Maybe we should focus some on bringing our families back to where they should be. If one parent is at home to take care of business, then it will get taken care of. If mom and dad are both gone until 6pm, who is making sure the kids are doing homework, studying, and not getting into trouble. I know dads that work much later than that. Even teenagers need someone at home when they get home.

I know that some moms work because they *have* to, but a lot don't. Some moms say they *have* to because they want 2 new cars, the 5 bdrm house in the fancy subdivision, etc. Another prob is that stay at home moms get criticized and the job of motherhood has been demeaned. Moms are made to feel that if they don't have a career outsided of the home that they are not important. Give moms the power back. I think that teachers and mothers are some of the most unappreciated workers out there. I stay home. We are not rich (dh is in the army), but we do just fine. We have 1 van, 1 truck, and a camper. We don't owe on any of them (although we just dropped $850 this morning on the a/c in my van). They are not new, but they work just fine. Moms could stay home if they truly wanted to.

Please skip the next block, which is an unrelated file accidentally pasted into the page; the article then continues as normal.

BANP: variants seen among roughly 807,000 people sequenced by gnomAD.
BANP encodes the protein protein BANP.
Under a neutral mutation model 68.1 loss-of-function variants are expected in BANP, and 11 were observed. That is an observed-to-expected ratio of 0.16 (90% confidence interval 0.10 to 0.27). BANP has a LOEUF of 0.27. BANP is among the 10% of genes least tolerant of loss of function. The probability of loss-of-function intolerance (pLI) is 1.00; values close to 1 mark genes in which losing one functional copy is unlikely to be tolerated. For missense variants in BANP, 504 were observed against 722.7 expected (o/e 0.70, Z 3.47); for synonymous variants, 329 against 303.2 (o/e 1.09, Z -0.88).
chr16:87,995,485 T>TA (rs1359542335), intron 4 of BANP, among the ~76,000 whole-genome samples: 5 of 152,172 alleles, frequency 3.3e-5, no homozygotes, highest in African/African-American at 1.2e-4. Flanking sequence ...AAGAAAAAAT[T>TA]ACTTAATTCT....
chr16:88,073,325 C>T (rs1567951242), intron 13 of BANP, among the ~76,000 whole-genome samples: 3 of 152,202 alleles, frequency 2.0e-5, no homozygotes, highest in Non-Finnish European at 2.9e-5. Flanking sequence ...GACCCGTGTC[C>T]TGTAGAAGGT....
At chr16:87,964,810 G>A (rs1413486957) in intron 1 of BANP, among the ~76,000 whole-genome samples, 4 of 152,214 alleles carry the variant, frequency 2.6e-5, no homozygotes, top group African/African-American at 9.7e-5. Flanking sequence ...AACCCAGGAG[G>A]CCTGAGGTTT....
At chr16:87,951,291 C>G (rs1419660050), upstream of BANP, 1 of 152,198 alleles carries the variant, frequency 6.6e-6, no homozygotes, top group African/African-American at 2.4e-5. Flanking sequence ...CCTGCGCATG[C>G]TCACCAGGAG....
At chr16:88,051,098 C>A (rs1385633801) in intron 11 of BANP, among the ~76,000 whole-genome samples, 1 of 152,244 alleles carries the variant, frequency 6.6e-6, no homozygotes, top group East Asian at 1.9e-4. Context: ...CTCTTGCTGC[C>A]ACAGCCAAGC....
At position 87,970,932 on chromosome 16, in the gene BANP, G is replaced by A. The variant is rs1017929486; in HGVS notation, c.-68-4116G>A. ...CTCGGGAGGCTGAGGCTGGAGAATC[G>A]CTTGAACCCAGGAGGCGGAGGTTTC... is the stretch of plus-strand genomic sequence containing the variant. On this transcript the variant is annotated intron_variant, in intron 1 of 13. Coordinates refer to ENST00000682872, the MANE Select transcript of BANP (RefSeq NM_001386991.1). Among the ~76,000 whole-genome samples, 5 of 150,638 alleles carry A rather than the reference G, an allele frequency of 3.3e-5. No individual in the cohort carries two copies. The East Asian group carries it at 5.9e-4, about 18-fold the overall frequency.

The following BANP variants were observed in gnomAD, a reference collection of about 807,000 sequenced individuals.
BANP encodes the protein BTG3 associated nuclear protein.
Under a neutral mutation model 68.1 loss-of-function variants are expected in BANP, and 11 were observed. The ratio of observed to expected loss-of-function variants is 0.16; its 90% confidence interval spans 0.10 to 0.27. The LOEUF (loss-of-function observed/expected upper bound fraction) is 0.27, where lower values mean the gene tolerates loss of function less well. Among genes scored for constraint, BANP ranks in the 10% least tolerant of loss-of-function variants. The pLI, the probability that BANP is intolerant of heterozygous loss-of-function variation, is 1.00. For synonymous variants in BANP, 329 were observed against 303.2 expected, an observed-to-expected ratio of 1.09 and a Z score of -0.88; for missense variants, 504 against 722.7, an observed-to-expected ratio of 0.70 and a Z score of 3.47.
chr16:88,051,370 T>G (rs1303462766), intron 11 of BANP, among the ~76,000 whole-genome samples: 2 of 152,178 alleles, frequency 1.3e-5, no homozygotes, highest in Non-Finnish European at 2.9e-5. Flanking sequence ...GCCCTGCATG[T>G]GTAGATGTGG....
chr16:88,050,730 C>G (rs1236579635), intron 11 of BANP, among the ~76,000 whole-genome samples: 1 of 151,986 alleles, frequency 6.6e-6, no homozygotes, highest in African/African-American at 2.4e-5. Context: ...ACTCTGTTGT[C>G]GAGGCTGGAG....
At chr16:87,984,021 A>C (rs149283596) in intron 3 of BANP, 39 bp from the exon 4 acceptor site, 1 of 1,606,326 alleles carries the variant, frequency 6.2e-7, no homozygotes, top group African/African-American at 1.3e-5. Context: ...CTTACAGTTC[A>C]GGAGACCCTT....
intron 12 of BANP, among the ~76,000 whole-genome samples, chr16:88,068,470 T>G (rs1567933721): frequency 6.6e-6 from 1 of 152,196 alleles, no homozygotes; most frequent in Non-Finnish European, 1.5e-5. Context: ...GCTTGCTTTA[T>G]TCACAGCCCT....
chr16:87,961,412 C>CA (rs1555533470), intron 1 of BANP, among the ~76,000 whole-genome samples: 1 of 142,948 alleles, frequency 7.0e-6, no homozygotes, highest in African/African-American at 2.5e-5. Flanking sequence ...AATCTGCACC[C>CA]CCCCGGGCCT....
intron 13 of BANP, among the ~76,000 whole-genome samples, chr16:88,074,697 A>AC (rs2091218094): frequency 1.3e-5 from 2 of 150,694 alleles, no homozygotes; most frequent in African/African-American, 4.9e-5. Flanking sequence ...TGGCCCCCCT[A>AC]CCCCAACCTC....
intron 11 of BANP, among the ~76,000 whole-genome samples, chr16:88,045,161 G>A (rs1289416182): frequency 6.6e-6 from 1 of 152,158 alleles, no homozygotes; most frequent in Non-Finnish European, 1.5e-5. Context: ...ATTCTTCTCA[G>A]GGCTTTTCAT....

Society (mainly hollywood) is changing our priorities for us. We see these shows and want what they have. We lose focus of the importance of parenthood. Newer cars, bigger homes, and I want it NOW!! Our kids are learning, but not the right thing. We need to be there for them 24/7 in order for them to succeed in school and in life. We need to be available to run to the school at the drop of a hat if we need to. And bring em to the wood shed if it is called for.

Truth be told, we, as parents, are dropping the ball. We are expecting strangers to raise our children. Teachers can't do it all. We need to raise the standards for teachers, get students to learn real life things, and be there for them as parents. If schools required parental involvement, things would change. If parents would volunteer to grade a test, maybe the teacher could actually get to have some off time. A teacher friend of mine continues working at home. Yes there are really rotten teachers, REALLY rotten ones. Lets get rid of them, raise the pay of the good ones, require parental involvement and hold the students accountable.